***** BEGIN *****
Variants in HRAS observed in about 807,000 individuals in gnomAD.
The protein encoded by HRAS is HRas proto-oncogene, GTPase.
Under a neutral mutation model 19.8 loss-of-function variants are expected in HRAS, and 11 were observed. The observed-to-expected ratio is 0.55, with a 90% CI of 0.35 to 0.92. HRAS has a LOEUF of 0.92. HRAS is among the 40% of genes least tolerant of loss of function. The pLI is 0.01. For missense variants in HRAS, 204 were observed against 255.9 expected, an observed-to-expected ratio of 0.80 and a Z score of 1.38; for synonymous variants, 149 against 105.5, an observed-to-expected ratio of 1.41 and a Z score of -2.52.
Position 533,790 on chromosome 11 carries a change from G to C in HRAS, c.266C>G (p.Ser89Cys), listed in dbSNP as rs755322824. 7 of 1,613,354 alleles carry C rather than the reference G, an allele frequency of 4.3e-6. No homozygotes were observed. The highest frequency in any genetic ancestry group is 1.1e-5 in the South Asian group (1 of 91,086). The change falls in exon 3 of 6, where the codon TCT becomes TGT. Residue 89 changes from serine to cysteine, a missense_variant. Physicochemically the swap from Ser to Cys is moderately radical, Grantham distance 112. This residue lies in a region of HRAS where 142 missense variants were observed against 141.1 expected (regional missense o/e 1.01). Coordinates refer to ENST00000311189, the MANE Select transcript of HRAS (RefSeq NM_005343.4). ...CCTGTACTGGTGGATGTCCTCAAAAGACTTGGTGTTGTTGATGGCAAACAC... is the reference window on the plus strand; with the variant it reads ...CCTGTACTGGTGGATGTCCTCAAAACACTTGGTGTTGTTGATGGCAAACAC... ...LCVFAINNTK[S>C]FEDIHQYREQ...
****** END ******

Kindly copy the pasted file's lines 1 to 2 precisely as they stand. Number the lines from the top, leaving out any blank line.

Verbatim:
Variants in HRAS observed in about 807,000 individuals in gnomAD.
The protein encoded by HRAS is HRas proto-oncogene, GTPase.